This course is designed to help understand pharmacovigilance Quality Management Systems (QMS) and risk based audits
Since the introduction of the new pharmacovigilance legislation in the EU, QMS and self-audits have become an increasingly important topic.
Companies have been challenged by regulators to implement risk-based audits where continual improvement of processes, systems and compliance to regulations needs to be demonstrated. This is required from the top of the company organisation in all areas of regulatory activity including clinical, pharmacovigilance, sales and marketing, IT and medical services.
This course is designed to help in both the assessments of risk and the whole CAPA and preventative action elements.
Benefits of attending:
- Understand pharmacovigilance quality management systems (QMS) and risk-based audits
- Learn the importance of key performance indicators (KPIs) in your QMS
- Ensure compliance with assessments of risk and your CAPA and preventative actions
- Discuss pharmacovigilance inspections and QMS activities
Programme day one
The audit basics
- The purpose of an audit
- Qualifications of the auditor
- The audit SOP and design
- The difference between audits and inspections
- Audit planning and risk assessments
The legislation and audits
- The requirements to perform company audits
- In-house versus external audits
- What needs to be audited
- Which departments need auditing for safety
- QMS design
- Quality cycles - expectations and deviations
- Quality risk assessments
- Quality failings and corrections
QMS and the audit report
- The audit scope and conduct
- The audit report content
- The grading of audit reports
- Corrective action plans (root cause analysis)
You will be asked to design the QMS for a safety department that has recently been audited. You will need to devise a plan based on any risk elements and audit findings identified and look at designing a QMS approach with KPIs.
Programme day two
Introduction to PV inspections
- Purpose – design
- Roles and responsibilities of the licence holder
- Conduct of regulatory inspections
- Defining risk
- Routine and for-cause inspections
- Triggers for an inspection
- Who should attend the inspection?
The pharmacovigilance inspection cycle
- Pre-inspection questionnaires
- Site visits and telephone audits
- Results and CAPAs
- Inspection follow-up questionnaires
- Follow-up inspections
You will be presented with a series of findings from a regulatory inspection. You will have to look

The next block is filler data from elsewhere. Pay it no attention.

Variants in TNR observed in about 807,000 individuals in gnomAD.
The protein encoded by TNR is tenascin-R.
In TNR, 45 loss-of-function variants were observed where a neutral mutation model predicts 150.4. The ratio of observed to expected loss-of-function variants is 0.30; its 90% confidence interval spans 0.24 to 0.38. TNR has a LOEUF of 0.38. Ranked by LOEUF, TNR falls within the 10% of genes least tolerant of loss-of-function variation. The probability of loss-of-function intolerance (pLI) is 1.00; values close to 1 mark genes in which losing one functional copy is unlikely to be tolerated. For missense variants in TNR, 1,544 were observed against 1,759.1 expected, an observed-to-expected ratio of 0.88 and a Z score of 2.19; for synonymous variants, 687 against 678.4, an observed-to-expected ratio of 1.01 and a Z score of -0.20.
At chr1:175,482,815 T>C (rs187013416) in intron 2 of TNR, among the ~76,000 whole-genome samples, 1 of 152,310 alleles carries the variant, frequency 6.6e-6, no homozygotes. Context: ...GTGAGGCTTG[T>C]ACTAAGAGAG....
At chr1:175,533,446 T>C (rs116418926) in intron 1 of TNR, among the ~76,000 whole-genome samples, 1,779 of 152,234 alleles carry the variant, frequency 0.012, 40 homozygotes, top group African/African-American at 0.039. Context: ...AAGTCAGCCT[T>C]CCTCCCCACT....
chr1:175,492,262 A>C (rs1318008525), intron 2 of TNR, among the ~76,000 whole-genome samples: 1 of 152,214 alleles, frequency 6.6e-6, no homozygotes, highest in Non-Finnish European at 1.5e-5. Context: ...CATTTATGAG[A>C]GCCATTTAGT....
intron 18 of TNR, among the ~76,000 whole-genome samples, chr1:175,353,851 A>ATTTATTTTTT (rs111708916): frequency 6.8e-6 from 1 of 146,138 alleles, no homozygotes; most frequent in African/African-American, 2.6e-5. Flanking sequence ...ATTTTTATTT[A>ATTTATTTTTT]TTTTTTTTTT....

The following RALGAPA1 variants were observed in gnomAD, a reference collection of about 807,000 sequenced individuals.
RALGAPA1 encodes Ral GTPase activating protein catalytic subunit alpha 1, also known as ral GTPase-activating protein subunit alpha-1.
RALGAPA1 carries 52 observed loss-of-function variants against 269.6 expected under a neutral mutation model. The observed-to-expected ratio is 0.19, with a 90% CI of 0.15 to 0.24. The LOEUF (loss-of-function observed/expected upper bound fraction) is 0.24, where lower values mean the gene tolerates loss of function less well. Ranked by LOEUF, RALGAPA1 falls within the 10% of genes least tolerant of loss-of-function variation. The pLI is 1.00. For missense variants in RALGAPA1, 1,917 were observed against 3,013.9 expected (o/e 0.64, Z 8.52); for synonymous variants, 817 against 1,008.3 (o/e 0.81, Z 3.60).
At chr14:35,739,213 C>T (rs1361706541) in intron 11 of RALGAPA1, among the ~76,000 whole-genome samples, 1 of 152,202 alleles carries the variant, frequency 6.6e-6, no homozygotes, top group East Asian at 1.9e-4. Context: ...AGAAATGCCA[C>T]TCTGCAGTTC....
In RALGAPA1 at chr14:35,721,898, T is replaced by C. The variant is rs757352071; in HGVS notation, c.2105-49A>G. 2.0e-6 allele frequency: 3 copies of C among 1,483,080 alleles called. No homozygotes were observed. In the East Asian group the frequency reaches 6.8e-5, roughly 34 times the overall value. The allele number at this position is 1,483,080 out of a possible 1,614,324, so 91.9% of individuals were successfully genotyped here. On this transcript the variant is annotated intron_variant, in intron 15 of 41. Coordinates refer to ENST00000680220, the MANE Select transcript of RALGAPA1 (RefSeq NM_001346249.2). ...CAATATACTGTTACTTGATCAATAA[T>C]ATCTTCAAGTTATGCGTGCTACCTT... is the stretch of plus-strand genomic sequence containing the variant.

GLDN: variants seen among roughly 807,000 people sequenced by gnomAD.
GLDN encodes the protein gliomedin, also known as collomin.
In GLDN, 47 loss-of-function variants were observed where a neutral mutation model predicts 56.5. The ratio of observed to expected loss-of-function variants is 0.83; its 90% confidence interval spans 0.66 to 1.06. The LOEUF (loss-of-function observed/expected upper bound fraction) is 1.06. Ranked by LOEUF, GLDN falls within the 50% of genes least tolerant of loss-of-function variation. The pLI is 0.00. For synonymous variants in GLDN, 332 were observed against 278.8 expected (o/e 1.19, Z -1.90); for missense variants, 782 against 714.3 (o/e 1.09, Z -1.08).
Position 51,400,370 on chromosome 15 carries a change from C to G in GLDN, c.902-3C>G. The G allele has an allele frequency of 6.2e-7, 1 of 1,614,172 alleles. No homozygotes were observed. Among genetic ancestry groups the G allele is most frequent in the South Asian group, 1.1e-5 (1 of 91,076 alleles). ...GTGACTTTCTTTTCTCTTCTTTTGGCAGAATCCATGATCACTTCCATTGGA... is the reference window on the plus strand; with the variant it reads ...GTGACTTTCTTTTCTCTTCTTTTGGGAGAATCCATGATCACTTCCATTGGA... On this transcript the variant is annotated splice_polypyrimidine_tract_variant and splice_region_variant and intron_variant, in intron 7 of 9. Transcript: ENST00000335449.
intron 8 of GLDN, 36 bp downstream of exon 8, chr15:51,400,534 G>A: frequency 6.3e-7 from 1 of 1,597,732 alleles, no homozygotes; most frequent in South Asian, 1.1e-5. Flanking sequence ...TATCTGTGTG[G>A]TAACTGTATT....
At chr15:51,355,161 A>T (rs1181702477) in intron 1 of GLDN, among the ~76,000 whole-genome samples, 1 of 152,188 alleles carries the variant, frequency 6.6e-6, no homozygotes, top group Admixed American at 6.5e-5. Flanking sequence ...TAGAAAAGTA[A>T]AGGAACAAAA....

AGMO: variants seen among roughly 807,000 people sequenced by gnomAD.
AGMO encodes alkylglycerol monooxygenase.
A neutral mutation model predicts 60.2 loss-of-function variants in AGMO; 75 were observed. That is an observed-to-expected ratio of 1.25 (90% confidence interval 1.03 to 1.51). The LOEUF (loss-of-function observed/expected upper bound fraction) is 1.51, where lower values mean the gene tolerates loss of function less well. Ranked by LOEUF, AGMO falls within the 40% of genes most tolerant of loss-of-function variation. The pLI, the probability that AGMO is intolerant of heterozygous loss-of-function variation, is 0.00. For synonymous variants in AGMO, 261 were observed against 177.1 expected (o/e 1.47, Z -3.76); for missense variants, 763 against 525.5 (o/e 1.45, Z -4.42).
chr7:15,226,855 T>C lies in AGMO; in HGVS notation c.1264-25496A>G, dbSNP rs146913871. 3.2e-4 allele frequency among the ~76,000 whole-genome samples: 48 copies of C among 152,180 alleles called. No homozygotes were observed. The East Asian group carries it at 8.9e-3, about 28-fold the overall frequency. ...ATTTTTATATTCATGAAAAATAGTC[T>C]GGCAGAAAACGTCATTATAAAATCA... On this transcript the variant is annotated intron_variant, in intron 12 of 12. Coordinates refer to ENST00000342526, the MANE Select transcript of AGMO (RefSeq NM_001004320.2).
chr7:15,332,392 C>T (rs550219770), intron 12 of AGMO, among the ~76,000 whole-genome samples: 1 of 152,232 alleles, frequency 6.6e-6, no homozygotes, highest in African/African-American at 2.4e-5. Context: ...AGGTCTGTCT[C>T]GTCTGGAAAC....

at the findings and work out priorities, devise root cause analyses and provide detailed corrective and preventative
action plans which will include QMS activities.
Common findings from regulatory inspections
- Grades of findings (and how to grade findings)
- How to grade findings in the same PV area
- Allied findings in other departments
- KPIs versus legislation
- Variations in major authority inspections
Final discussion session
Mr Graeme Ladds,
PharSafer Associates Ltd.
Graeme Ladds, Director of PharSafer, has over 22 years’ experience working in the pharmaceutical industry. Having started his career at Ashbourne Pharmaceuticals in 1989 as Head of Drug Safety & Medical Information, Graeme went on to become Head of Global Pharmacovigilance at Shire Pharmaceuticals.
The last 11 years have been spent in his consultancy company, PharSafer Associates Ltd. During this time, Graeme has been involved in establishing pharmacovigilance in companies, performing audits across Europe and the USA, SOP writing, acting as QP for companies, and helping with regulatory inspections.
11 Thurloe Pl,
The Rembrandt Hotel is located at 11 Thurloe Place, London, SW7 2RS. The hotel’s location in central London couldn’t be better, whether you’re travelling for business or leisure. You’ll be right between two of London’s most fashionable areas – South Kensington and Knightsbridge – within walking distance of museums, theatres, Harrods and Hyde Park.
You can hop on the Tube at South Kensington and take the District, Circle or Piccadilly lines direct to the City of London, Heathrow Airport and all other areas of the city. Look out of your window and you may well see the Victoria and Albert Museum – it’s right across the street.